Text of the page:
‘It got to the situation, if we had the name “Beatles” on it, it sells,’ Lennon says, ‘and when we begin to think like that, then there’s something wrong.’
Equally telling is what we really don’t see in “24 Hours,” which is John the Beatle. The group hasn’t yet publicly broken up, though Lennon had told the others in September that he was planning to leave. There’s one exchange with a reporter who asks about the band, and the answer is almost clinical. “It got to the situation, if we had the name ‘Beatles’ on it, it sells,” Lennon says, “and when we begin to think like that, then there’s something wrong.”
During the days when this filming was taking place, George Harrison was barnstorming around England, playing as part of Delaney and Bonnie’s band, and Ringo Starr was recording selections from the Great American Songbook for his solo debut, “Sentimental Journey.” Paul McCartney, having retreated to his farm in Scotland for the previous few months, was back in London and starting work on his “McCartney” album. There were mixing sessions for the U.S. release of the “Hey Jude” compilation album, and still final recording coming up to finish “Let It Be,” but it’s eminently clear that the dream is over.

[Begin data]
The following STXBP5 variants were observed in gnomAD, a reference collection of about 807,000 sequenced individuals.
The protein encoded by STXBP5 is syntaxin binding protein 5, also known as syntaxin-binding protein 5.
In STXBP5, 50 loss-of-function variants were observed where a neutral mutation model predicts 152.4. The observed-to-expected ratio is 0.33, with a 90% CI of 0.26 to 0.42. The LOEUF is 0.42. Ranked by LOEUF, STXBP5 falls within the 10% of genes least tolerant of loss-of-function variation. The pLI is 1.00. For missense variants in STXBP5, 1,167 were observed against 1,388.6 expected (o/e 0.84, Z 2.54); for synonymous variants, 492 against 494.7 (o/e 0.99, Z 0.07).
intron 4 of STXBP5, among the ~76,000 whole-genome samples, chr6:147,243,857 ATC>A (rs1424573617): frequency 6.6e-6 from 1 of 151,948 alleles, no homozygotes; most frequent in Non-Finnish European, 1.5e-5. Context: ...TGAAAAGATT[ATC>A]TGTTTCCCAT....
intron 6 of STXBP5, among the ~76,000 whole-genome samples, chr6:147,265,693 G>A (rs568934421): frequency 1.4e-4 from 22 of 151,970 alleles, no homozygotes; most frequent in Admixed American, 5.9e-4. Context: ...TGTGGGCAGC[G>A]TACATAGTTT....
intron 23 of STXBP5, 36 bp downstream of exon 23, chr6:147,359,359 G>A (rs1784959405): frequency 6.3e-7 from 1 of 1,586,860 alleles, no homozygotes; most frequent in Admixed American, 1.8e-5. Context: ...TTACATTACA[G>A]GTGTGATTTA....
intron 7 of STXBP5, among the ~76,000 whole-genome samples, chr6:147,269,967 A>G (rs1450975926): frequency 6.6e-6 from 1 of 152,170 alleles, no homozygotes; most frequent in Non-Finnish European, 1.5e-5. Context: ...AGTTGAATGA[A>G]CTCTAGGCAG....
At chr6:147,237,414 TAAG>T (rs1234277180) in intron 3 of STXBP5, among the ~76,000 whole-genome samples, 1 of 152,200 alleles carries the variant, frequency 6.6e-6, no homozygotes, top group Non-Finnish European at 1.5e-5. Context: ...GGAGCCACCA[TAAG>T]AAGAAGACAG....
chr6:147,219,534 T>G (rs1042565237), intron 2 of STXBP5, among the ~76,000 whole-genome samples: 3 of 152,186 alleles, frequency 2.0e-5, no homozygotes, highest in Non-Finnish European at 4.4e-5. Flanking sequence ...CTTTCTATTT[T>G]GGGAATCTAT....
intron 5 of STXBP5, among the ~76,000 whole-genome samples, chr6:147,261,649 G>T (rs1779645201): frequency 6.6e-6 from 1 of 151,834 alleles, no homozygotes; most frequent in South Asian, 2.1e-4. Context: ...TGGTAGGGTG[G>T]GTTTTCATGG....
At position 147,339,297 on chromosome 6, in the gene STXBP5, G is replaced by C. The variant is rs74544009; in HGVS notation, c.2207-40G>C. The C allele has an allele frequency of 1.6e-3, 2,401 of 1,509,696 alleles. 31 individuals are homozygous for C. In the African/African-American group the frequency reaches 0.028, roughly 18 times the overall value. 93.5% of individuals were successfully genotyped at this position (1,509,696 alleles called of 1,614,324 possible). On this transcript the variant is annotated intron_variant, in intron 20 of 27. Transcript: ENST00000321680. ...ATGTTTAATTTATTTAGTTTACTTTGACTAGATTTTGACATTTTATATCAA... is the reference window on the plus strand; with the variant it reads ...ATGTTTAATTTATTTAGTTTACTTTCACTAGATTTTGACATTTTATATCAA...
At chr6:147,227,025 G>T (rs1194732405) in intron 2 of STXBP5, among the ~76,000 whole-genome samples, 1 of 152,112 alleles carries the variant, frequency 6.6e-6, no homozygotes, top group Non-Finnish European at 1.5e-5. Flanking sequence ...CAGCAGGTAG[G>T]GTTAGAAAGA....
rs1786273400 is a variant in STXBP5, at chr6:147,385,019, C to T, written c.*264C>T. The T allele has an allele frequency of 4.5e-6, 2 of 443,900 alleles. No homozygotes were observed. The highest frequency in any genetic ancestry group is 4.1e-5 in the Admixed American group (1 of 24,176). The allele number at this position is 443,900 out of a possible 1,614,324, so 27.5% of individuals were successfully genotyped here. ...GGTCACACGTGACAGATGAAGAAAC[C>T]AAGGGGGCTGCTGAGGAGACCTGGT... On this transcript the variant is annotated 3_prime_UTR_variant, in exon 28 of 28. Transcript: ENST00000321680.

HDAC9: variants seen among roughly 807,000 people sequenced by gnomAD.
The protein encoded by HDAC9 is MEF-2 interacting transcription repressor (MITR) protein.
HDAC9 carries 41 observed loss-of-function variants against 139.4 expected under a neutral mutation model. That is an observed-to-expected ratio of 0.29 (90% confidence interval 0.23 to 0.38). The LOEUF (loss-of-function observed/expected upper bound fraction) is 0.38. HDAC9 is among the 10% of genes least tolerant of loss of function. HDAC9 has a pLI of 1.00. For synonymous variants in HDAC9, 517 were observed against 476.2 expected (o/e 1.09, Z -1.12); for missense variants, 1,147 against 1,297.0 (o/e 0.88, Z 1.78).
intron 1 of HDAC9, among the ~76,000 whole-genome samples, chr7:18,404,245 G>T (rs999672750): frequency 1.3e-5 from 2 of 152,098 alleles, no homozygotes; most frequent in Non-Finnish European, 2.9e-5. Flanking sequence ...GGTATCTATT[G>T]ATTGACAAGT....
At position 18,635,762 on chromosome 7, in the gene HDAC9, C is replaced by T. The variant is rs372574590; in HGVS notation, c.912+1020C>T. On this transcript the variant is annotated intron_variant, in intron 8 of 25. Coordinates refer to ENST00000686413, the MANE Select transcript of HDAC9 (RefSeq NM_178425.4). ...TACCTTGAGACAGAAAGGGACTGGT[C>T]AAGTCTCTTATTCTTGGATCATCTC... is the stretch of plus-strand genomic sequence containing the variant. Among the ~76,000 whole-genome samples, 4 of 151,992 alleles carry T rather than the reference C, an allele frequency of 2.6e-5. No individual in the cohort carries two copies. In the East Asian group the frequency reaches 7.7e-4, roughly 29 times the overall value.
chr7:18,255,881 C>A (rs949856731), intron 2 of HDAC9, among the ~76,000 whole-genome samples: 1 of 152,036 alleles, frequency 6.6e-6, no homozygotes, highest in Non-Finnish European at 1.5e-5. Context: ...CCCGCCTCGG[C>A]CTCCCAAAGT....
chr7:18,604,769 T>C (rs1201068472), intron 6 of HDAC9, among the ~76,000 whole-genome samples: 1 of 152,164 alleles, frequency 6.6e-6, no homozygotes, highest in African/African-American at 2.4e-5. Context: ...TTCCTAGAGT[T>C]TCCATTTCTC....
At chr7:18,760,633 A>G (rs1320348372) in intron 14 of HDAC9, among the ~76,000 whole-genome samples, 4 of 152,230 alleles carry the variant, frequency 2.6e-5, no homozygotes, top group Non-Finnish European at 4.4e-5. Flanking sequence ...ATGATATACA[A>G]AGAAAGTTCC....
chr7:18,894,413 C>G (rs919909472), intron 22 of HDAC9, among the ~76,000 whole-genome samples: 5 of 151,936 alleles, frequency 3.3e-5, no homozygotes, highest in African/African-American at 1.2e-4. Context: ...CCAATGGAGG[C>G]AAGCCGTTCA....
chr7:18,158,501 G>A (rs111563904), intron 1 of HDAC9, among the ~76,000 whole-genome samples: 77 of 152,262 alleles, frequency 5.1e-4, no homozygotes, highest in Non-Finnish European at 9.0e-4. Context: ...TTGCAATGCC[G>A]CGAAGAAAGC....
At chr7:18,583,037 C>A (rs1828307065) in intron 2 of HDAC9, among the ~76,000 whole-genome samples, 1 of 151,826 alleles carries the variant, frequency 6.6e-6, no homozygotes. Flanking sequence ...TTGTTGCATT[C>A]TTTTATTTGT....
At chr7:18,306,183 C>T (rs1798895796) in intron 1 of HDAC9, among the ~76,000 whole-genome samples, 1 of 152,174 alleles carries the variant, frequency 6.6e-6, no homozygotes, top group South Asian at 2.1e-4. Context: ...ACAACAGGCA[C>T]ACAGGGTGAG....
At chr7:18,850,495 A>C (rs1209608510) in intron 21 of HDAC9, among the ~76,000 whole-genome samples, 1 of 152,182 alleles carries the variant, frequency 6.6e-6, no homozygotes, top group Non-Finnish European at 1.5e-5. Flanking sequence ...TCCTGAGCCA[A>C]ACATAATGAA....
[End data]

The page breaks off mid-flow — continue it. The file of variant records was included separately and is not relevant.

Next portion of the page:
There’s a stunning shot of the Lennons watching footage of the Beatles playing at the Cavern Club a mere six years earlier; we can only imagine what John is thinking, just as we can only imagine what the screaming fans we see still camped out in front of Apple headquarters made of this show when it aired.
“24 Hours” is a fascinating snapshot of a hugely transitional moment for John and Yoko, and a hint of what an Instagram future for them might have looked like. It’s Ono who has the last word, and who summarizes this phase of their incomparable life together.
“It’s one thing to write about a strange couple who’s in bed, doing the bed-in event and all that, [or] write a song about it,” she says. “But it’s another thing to really do it in actual life… What we started to do was, instead of writing a play about it, we just started to do it in real life, so the whole world is a theater.”